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The Science and Artistry of Snake Oil Salesmanship
by Timothy Mudie
Aloysius P. McNutt arrives in town one-and-a-half days after the snake, as per usual. Earlier would be too suspicious, and later risks that the settlers will have attacked the snake themselves, which simply won’t do. Aloysius needs to sell the snake oil to them, which he can’t lay claim to unless he slays the snake himself.
He grins lopsidedly as he sidles into the saloon. “Hear you got yourselves a snake problem.” In these settlements out in the territories, the heart of the community tends toward the saloon or the church, and Al has made a quick presumption that these aren’t a particularly churchly folk.
Rough men and a lesser number of equally rough women line the bar and circle the tables. Clusters of prospectors and farmers sip brandy and rye and harsher libations. All lift their heads in Al’s direction when he pushes through the doors and declaims his customary opening. None respond.
Al is wondering if maybe he should have tried the church after all when a man in a beaten hat wearily pushes himself from the bar. Maybe twice Al’s twenty-nine years, with eyes half again as old, this is a man who’s lived more than most. Despite the drink and the day’s problems weighing on him, the man carries himself with the posture of a lawman. This is Al’s mark. He strides across the room, ignoring the following eyes, and extends his hand in the man’s direction.
“I know a sheriff when I see one,” he says. “Pleasure to make your acquaintance, sir. Aloysius P. McNutt, at your service. But I recommend you call me Al. All my friends do, and I’ve a premonition that we’re to be fast friends, you and I.”
The sheriff blinks at him slowly. “State your business, buy a drink, or keep moving. We’ve no time for charlatans in this town.”
“Charlatan! Sir, you wound me.” Shaking his head solemnly, Al resumes his spiel. “Rumors travel quick round these parts, and when they’re of a titanic snake harassing industrious settlers, they fly faster still. Lucky they should happen to reach my wandering ears. Sir,” — here he stares hard at the sheriff, setting the hook — “I am beyond familiar with this class of beast, a remnant from the savage land this was before the civilizing influence upon it of those such as yourself. From far-flung settlements across this frontier, I have pursued and battled these serpents, and I now proffer my services to your charming town.”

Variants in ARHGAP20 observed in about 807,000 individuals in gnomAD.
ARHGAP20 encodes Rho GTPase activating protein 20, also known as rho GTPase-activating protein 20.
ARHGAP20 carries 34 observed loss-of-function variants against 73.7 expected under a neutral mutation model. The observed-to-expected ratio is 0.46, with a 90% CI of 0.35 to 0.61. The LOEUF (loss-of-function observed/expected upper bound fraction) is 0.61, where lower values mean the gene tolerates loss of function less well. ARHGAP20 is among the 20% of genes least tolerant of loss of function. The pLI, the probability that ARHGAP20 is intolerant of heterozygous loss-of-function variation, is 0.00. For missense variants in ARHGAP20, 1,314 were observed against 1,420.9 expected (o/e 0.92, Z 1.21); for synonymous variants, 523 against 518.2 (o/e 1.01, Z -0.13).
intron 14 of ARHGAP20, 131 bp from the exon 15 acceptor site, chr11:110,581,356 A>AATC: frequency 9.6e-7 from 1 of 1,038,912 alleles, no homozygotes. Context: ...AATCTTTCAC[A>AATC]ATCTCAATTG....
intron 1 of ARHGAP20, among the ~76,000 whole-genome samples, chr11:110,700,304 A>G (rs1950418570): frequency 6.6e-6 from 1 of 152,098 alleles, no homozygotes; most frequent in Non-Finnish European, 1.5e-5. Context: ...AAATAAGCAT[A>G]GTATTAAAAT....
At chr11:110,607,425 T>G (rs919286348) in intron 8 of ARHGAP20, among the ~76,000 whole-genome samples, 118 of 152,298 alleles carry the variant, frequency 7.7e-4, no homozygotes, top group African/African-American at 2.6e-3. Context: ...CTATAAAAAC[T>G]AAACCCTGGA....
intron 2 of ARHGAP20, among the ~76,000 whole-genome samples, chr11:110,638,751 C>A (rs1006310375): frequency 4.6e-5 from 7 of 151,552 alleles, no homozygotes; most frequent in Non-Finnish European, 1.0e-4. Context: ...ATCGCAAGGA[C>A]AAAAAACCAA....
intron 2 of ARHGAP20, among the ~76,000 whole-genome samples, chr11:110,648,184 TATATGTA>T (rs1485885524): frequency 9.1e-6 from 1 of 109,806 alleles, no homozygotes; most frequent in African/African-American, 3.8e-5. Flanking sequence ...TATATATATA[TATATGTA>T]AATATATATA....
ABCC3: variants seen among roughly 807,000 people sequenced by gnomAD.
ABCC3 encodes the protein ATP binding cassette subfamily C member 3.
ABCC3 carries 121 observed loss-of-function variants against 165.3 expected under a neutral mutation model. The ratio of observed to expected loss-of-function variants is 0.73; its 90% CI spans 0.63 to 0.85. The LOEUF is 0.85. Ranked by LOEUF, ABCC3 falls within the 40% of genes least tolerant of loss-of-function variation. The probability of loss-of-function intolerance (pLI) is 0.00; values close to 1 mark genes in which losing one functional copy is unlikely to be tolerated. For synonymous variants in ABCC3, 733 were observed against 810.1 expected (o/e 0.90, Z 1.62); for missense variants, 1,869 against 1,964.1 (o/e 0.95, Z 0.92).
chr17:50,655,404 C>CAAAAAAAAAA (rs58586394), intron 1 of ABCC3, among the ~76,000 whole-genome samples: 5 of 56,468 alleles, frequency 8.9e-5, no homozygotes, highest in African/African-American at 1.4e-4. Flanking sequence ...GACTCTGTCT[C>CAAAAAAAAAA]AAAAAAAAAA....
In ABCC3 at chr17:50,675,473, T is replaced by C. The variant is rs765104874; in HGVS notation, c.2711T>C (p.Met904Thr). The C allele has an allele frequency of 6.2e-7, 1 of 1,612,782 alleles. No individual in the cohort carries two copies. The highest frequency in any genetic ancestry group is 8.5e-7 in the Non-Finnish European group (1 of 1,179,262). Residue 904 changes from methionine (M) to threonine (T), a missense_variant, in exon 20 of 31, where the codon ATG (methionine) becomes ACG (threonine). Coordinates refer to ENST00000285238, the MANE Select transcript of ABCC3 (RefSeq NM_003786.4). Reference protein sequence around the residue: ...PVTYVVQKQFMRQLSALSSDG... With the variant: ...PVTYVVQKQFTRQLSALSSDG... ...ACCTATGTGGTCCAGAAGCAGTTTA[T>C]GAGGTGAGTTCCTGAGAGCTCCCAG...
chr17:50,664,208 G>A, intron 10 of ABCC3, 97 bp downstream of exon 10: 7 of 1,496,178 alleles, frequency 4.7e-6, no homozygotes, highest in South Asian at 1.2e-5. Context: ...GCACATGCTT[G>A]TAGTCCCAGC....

Doubt flickers in the sheriff’s eyes. Al’s seen it countless times: knows the thoughts running through his brain. What’s the harm in letting this shabbily dressed dandy hunt the snake that’s taken a dozen sheep and half that many cattle in the last thirty-six hours? If the man fails, the town is in no worse position than it currently occupies.
Al doesn’t need to hear the man’s confirmation; he plows ahead. “I ask but one thing in return,” he says, index finger raised with deep purpose. “Once I have slain the creature, I desire to take possession of the carcass, with intention of marketing the rare and valuable effluent that I shall extract from it.”
The sheriff raises an eyebrow. Something that’s almost a grin curls his lips. “So, you’re a common snake-oil salesman.”
Al grins widely. “Oh — no, sir. I’m the best damn snake-oil salesman in the world.”
Silence follows his pronouncement. No one hurrahs or whistles. A surly crowd with a surly sheriff, not prone to belief in the miraculous, but if everyone was eager to open their wallets, what need would there be for salesmen?
The battle with the snake is half athleticism, half pageantry, replete with dodges and rolls, feints and thrusts and parries. Gunplay and pratfalls. When the dust clears, Al stands victorious — not that his status was actually ever truly in question.
Panting afterward, the sixty-foot-long snake slumped behind him, Al grins at the cautiously approaching townsfolk, the sheriff at their head. Fading sunlight glints off the diamond-patterned scales of the sand-colored serpent. A single drop of venom as big Al’s fist collects on the tip of a sickled fang. The rattle at the end of the tail suddenly shakes, and the townsfolk all jump back. Al glares at the snake. Its job is done. There’s no call for additional theatricality.
“Now, now,” Al says, palms out placatingly, “ain’t nothing to fear. The beast lies slain and can terrorize you no more.” He casts a quick sour glance at the prostrate serpent. “Indeed, this awesome and terrible creature shall be converted into a balm guaranteed to cure each and every one of you of your ills and extend your lifespan by years, barring, of course, trauma or calamity.”
Stepping to the front of the crowd, the sheriff hocks a gob of phlegm in the snake’s direction. It lands short of the animal but close enough that any living creature would react. This one doesn’t. The sheriff walks the snake from snout to rattle, inspecting it. A bit too closely for Al’s liking.
“Looks dead, true enough,” the sheriff says. “Much obliged, Mr. McNutt.” He hooks his thumbs into the belt loops of his dungarees; glances toward the setting sun. “I expect you’ll be on your way right soonish.”